During cross examination, Brey asked Mileski how much he, Merchant and DeLorme had to drink the evening of Dec. 31/Jan. 1.

"Is it fair to say you didn't keep track of how much alcohol you were drinking?" Brey asked. Mileski agreed.

"Do you think you got drunk that night?" Brey asked. "I would think," Mileski said.

"How about Sarah? Do you think she got drunk?"


"How about Holli, was she drunk, too?" Brey asked.

"I think so," Mileski said.

"Well if Holli was drunk, why would you walk away from your truck when it's running and she's behind the wheel?"

Mileski said he was tired and just wanted to go home to bed. "I was just ready to be done with that night."

Brey asked if he cared that DeLorme was drunk and about to drive his truck away. He said he did care.

"But you chose to do nothing about it?" Brey asked.

"I told them I didn't want them taking it," Mileski said.

"Sarah was in the truck with Holli. And you didn't care if Holli drove drunk with Sarah in your truck?" Brey asked.

"I cared, I told them I didn't want them doing it, but if they were going to do it, it was on them," he said.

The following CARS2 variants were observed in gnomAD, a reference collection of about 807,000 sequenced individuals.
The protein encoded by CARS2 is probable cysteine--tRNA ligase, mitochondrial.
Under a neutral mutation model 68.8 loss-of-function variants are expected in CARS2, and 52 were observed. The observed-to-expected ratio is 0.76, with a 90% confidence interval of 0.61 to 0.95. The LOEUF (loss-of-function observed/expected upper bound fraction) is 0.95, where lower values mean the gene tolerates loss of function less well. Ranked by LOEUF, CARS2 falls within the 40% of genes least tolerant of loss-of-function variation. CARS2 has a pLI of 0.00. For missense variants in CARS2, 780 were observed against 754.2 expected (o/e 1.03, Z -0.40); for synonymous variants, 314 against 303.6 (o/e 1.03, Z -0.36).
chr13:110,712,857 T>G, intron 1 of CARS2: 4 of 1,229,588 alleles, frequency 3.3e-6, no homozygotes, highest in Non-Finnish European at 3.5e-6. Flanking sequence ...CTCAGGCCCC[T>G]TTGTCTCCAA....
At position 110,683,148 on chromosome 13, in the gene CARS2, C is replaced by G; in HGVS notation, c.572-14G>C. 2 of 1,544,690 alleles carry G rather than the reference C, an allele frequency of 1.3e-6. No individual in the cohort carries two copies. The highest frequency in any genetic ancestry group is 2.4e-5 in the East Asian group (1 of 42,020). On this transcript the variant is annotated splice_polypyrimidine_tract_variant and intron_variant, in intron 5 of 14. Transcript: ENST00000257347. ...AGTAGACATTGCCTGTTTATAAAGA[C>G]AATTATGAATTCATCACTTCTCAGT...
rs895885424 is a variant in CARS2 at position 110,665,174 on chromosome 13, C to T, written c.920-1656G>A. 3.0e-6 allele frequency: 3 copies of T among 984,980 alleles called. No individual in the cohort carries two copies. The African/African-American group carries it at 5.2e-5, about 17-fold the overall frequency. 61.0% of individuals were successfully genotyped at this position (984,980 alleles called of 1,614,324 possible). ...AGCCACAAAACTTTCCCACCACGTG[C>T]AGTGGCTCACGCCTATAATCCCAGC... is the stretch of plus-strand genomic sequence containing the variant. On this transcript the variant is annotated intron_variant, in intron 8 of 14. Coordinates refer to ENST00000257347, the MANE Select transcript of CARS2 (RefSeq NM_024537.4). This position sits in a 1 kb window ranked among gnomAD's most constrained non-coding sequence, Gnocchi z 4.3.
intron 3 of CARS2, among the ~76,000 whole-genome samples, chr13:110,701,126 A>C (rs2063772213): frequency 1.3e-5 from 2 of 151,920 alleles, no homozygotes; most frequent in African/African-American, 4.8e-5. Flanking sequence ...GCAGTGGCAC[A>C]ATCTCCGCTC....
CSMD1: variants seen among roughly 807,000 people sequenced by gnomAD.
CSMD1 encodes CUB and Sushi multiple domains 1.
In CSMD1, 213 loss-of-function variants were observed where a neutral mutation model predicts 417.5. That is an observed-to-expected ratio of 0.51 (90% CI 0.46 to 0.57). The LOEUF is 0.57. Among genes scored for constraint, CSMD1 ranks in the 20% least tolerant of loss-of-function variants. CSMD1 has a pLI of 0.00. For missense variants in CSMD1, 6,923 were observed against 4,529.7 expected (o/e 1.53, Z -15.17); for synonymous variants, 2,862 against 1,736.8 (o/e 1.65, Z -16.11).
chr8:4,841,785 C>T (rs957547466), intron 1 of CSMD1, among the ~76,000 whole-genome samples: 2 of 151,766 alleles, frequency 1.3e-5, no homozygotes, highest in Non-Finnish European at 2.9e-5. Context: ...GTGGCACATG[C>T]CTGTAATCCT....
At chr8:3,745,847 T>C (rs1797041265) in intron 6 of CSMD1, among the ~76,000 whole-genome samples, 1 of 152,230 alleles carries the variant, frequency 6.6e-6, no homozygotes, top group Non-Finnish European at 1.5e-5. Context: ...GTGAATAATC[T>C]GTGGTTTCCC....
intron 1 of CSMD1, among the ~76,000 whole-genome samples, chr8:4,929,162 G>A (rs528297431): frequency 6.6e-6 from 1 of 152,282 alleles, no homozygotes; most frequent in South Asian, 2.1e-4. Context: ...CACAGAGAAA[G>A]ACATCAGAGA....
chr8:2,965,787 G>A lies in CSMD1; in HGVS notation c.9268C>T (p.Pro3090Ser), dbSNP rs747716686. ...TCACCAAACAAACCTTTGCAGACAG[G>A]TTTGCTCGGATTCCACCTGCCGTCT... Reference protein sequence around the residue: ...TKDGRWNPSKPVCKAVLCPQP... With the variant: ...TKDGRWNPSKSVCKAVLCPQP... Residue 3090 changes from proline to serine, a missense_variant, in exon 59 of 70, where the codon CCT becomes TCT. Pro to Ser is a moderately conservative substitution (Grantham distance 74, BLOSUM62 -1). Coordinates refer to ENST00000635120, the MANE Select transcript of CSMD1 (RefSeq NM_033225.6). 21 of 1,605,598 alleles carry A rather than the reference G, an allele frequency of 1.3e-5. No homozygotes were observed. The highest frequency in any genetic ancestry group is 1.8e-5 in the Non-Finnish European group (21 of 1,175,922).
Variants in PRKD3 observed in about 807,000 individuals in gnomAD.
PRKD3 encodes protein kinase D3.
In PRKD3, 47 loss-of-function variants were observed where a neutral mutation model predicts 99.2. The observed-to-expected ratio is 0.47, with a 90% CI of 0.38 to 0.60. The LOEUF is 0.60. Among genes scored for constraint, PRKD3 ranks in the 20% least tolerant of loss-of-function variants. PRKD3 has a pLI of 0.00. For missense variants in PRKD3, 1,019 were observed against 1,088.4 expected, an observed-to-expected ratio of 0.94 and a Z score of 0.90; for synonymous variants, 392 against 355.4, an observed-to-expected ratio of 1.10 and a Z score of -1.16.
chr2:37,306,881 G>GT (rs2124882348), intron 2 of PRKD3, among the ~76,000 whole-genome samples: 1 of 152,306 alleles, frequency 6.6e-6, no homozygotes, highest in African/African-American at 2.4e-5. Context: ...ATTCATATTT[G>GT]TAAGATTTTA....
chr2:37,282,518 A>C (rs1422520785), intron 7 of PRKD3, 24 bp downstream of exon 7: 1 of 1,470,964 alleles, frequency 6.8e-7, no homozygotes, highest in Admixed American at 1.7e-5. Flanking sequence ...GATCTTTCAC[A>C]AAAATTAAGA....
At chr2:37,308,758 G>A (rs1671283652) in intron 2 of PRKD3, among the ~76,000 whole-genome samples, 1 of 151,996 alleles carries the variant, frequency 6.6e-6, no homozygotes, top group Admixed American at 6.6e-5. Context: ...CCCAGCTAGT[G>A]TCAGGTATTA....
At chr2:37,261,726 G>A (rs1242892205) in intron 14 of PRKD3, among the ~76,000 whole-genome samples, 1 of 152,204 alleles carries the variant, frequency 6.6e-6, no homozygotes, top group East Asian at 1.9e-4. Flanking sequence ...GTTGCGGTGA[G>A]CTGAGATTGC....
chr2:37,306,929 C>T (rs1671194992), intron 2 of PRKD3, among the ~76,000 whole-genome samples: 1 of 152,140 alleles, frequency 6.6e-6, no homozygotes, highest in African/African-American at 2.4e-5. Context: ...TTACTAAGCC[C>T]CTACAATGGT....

"So, you were kind of indifferent to them," Brey said. "You were indifferent to the mother of your child riding with a drunk driver?"

"I wouldn't say that."

"But you didn't do anything about it?" Brey asked. Mileski said he did not.

Brey asked what Merchant said to Mileski after he walked away from the vehicle, and he said he couldn't remember. "Did she say bad things to you?"

"She could have, I don't really remember," Mileski said.

Mileski said he grabbed her sleeve "to make her come with me" but let go of her after she called for DeLorme. He said he grabbed her sleeve another time, and also let go before they entered the building. He told Brey he did not grab Merchant's sleeve because of something she might have said.